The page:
The Big Beat is sold out. At various times during this exercise in self-publishing, people have stressed that producing a book is one thing, but…Continue reading...
The Big Beat is sold out. At various times during this exercise in self-publishing, people have stressed that producing a book is one thing, but marketing and selling it is another thing completely. For thanks in helping in its production, I included two pages in The Big Beat (pp 493-494) so I won’t repeat that here. But for help in sales and marketing, I want to particularly thank my long-time
The soundtrack to the book of the magazine. One song from each issue of Roadrunner magazine, as featured in the book, The Big Beat: Rock music in Australia 1978-1983, through the pages of Roadrunner magazine (Roadrunnertwice, 2019).
A playlist of singles reviewed in The Big Beat: rock music in Australia 1978-83, through the pages of Roadrunner magazine. The playlist, first published a year ago on this site—and updated in the past few weeks with new tracks added to Spotify in the past 12 months—contains 583 songs and runs for 35 hours and 17 minutes. The Roadrunner years were a golden age for the single and The Big
“I lean towards the nineteenth century poets,” says John Cooper Clarke, who also happens to dress like them. “Percy Shelley, all them. I want an all-female audience, y’know.” What, Shelley used to read live? “Oh yeah, yeah, he used to do gigs. When he wasn’t ‘anging around graveyards, or trying to drown himself.” On stage, John Cooper Clarke is a mass of hair and suit and shades with a million
The following Australian libraries have a copy of The Big Beat. Australian Capital Territory: National Library of Australia; National Film and Sound Archive; National Museum of Australia Research Library. New South Wales: State Library of NSW; Bankstown Library (Canterbury Bankstown Library Service); Bathurst Library; Chatswood Library; Mona Vale Library (Northern Beaches Library Service); Southern Cross University Library (Lismore Campus); Macquarie University Library; University of Wollongong Library. Victoria: State Library of Victoria; Ballarat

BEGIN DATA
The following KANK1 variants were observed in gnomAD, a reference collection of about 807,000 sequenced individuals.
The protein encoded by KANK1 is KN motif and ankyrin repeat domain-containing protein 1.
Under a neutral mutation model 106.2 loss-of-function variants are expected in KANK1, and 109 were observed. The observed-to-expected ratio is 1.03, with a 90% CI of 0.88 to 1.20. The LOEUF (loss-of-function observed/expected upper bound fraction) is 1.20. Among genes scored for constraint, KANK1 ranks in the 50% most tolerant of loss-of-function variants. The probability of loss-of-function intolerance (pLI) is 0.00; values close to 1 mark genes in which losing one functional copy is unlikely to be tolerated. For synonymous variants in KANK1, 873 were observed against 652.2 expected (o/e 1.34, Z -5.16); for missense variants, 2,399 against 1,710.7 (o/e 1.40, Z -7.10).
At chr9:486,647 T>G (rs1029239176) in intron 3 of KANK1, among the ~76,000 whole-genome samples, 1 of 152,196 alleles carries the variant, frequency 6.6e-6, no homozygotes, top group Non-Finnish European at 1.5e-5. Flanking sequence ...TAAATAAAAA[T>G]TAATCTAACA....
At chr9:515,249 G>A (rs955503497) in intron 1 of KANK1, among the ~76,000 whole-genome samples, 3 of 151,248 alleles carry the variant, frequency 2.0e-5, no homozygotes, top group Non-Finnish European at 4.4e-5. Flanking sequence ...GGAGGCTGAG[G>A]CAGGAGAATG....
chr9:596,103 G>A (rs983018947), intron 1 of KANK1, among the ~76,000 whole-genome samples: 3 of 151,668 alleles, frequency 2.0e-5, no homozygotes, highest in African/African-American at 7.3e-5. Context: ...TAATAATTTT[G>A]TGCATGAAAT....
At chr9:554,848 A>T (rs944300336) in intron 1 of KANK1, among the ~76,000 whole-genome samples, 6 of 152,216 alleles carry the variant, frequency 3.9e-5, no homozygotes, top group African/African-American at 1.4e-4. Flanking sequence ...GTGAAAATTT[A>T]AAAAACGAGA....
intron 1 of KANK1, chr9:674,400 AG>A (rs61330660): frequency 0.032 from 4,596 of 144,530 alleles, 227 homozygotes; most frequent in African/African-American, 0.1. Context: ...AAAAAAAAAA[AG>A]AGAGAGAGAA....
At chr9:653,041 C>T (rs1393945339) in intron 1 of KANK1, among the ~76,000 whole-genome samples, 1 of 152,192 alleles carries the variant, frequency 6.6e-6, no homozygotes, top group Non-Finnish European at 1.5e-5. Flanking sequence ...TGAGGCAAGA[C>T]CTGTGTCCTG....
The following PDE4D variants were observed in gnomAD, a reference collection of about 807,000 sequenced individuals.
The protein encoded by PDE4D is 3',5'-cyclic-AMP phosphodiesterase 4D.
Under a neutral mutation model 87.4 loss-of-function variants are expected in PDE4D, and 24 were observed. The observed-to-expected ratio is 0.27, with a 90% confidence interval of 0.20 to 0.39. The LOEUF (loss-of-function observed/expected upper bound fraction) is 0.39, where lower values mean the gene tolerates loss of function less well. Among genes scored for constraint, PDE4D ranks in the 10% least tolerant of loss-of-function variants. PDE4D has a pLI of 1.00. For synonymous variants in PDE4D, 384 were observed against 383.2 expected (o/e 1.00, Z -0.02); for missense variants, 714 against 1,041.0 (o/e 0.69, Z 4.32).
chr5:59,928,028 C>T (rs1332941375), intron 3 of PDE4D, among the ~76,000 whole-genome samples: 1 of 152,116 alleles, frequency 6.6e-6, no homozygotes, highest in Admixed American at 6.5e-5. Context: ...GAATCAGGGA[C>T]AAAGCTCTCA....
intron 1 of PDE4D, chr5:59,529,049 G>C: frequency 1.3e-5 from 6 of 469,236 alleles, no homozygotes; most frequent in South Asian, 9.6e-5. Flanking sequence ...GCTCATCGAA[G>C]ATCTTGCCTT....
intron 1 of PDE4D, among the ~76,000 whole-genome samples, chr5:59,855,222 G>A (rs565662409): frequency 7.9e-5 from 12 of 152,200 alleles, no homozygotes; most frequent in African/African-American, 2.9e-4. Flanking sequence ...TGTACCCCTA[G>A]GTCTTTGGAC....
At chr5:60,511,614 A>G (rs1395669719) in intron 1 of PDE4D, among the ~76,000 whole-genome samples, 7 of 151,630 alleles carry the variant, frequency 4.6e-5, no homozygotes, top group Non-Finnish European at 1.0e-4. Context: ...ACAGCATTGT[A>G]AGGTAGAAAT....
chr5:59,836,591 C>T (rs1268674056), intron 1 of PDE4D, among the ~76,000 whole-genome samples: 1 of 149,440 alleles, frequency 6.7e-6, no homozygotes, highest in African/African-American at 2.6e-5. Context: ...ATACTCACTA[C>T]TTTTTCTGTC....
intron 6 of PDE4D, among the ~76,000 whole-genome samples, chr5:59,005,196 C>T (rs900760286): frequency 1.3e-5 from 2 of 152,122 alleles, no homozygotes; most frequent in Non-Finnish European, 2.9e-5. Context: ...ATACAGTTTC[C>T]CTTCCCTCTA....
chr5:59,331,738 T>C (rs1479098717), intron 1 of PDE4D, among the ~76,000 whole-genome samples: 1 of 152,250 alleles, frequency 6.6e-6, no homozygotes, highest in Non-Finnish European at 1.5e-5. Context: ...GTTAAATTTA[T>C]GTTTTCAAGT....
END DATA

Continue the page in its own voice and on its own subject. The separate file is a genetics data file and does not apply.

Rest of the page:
1970 saw the end of many things. The sixties of course. But also The Beatles, who announced their split in April. And Jim Morrison of The Doors, who was found dead in his bathtub in Paris, France on 3 July. Although accounts about the precise circumstances vary, it is generally agreed that he suffered a heart attack after taking heroin. And Jimi Hendrix, who was found unresponsive by his girlfriend
I’ve been having fun pottering around in 1969 to put together the Spotify playlist below. It’s the fourth in my ‘Back to Schooldays’ series and again a roughly chronological selection of singles that charted on Australian radio stations (in this case, 2UW Sydney, 3UZ Melbourne, 4BC Brisbane, 4IP Ipswich and 6PR Perth) sprinkled with a smattering of significant album tracks. The soundtrack to my fourth year at Whyalla Technical High
I think the Spotify playlist below does a pretty good job of capturing the swirling crosscurrents of the Australian airwaves in 1968. From the psychedelic soul blues of ‘Voodoo Chile’ to the frothy bubble of ‘Goody Goody Gumdrops’—via country, Motown, soul, blues, sunshine pop, California harmonies, folk, British invasion groups, the ‘underground’ sound and a myriad of other styles and sub-styles—it was a year in which the musical spectrum really
Losing Greedy Smith this year was a big shock. A shock that reverberated through the Australian music community. A shock that reminded everyone from the late 70s/early 80s glory years of Australian rock of their own mortality. If Greedy has gone, who’s next? It’s enough to send a shiver down your spine. The massive turnout at the Macquarie Park crematorium on 9 December to celebrate Greedy’s life was testament to